E.A. Sports Today

Getting to it away from it all

White Plains runners get some high-altitude training in Colorado while escaping coronavirus quarantine; and, yes, they are doing schoolwork

This group of White Plains cross country runners takes a break from their training and on-line school work to learn about the U.S. National Park system while enjoying a little sand surfing at the Great Sand Dunes National Park. (Photos by Jake Moore)

By Al Muskewitz
East Alabama Sports Today

Jake Moore has always thought it would be nice to live in a place like Colorado once he got out on his own. Now that’s he’s had a little taste of the life above the clouds he’s even more convinced that’s the place for him.

Moore and three of his White Plains cross-country teammates have been in the Rocky Mountain State for the past two weeks. What started as a plan to remain active during a coronavirus quarantine at home has led to some high-altitude training that could translate well when the group returns home later this week to prepare for a stretch run they hope culminates in a state championship.

“Hopefully it’ll make us run way better,” the defending county champion and reigning 4A state runner-up said. “I know we’re kind of behind now that everybody else has got some races under their belt and we really haven’t, so hopefully it’ll put us above or with the competition so we can actually compete. I feel like we still would’ve been good if we stayed in the state of Alabama but this is just an experience.”

The whole thing started when Moore’s mom caught the coronavirus and had to be quarantined. Jake wasn’t around it and didn’t have it, but questions related to contact tracing persisted, so dad and Wildcats coach John Moore finally said the runners were welcome to self-quarantine out of an abundance of caution but if they did they had better be doing some kind of training.

A two-week shutdown in the middle of the season would have adversely affected Jake’s push for a big senior season he already felt was behind schedule for various reasons. So, together with his dad, they started brainstorming ideas to get him back on track through any lockdown.

A running friend of the family in Colorado suggested some high-altitude training, but he was in Colorado. That didn’t stop the wheels from turning.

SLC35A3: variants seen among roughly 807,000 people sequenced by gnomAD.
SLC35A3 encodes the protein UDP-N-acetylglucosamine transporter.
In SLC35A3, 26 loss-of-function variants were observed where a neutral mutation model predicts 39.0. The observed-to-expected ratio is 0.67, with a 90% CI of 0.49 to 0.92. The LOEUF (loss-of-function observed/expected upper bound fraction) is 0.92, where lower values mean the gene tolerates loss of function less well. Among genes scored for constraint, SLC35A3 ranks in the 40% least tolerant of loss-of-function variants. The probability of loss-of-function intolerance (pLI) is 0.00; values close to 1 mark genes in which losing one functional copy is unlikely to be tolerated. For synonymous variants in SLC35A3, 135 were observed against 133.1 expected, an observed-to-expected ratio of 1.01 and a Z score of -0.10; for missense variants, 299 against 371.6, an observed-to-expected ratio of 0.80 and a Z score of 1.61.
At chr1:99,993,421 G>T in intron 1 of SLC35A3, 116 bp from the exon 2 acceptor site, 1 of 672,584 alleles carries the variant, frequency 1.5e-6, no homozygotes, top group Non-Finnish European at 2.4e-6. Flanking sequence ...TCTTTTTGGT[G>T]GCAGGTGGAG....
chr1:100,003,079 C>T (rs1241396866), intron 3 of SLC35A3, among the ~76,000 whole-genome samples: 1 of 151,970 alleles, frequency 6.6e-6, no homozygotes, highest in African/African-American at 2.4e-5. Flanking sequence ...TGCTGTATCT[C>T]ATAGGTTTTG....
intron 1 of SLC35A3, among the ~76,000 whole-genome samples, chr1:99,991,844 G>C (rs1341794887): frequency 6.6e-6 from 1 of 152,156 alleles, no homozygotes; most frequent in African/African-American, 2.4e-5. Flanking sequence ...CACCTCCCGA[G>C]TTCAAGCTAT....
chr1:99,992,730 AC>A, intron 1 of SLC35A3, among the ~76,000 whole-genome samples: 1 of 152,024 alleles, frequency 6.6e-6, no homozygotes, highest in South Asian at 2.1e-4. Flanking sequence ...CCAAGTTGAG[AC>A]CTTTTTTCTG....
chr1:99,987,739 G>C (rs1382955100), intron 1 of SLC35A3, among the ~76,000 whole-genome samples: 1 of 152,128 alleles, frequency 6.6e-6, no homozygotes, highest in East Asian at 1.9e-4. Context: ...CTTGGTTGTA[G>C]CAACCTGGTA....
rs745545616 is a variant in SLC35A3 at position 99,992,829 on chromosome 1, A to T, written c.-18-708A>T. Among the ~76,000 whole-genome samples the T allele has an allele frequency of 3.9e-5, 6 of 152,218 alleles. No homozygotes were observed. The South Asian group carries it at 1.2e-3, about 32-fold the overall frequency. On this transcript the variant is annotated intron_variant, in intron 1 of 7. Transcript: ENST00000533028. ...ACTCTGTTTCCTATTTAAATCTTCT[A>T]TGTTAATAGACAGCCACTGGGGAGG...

Among the ideas they considered were heading out to camp on Mt. Cheaha or just sending Jake out by himself to train with the friend.

“That’s what it initially started out, then I started thinking what other mountains do we have nearby,” John Moore said. “Well, Brasstown Bald in Georgia has some big mountains, I was like, why don’t y’all do that? Then they got to talking about climbing some big mountains.

“They’re out there with one of the boys’ (Caden Johnson) uncles. The uncle said if you want to climb some mountains we’ve got some 14,000-foot mountains out here. Everything went bigger and better. With Jake Moore, there’s never a ceiling with Jake. It’s always like what’s the next thing I can do, what’s the next challenge.”

So, the older running buddies – Moore, Johnson, Kayd Hightower and Cole Senciboy – packed their running shoes and followed Horace Greeley’s famous advice – “Go West, Young Man.” They flew to Jamie and Michelle Presley’s place in Leadville, about 100 miles southwest of Denver in the heart of Colorado ski country, elevation 10,152 feet, and the adventure began.

Of course, it helped the logistics that all four are virtual learning students at White Plains, so they are able to keep up with their classwork – just as they would confined indoors – while doing their roadwork.

“I told them if you don’t do your on-line learning and you make some bad grades, your butt’s coming back home,” John Moore said.

The runners assured they have been hitting the books.

They are expected home from “The Colorado Experiment” Friday, in time to start prepping for White Plains’ Wildcat Fall Classic.

“This experience is something I don’t think any of us could’ve imagined ourselves doing,” Johnson said. “We’re extremely lucky to have this opportunity to train for a sport we’re so dedicated to.”
The group has been training “a good bit” with some runners from the local Lake County High School team that has won 28 state championships, but they are not competing with them. In addition, they are doing four- to six-mile training runs on their own. One of their first time trials featured a steady incline that had to be a good 45 degrees. That’ll take the breath away from you at any altitude.

“Today we have 10 640s to do,” Jake Moore said. “Most of the days we’re just kind of doing some longer, easy runs because the altitude going from 700 feet down in White Plains to 10,000 up here is kind of rough with breathing. We’re taking it kind of easier, not doing as many speed workouts as we would at home, but we’re running more miles.”

“We expected the altitude to have an effect on our breathing when we ran, but we definitely didn’t expect the smallest things such as walking up stairs or playing basketball to affect us like it did when we first got here,” Johnson said. “We’ve adjusted pretty good over the course of being here, though. … We’re hoping the training helps us run whatever time it takes to win county, sectionals and state.”

Who knows? The experience might even bring a few southern transplants to the state in a couple years.

“It’s amazing,” Jake Moore said. “Colorado is so beautiful. I’ve always wanted to live here. Ever since I was like 13 or 14 I’ve always wanted to move up here and live up here in the mountains. The place we’re staying is just covered, mountains everywhere. I was thinking Colorado or North Carolina or Tennessee. Now that I’m here, I think it’s Colorado.”

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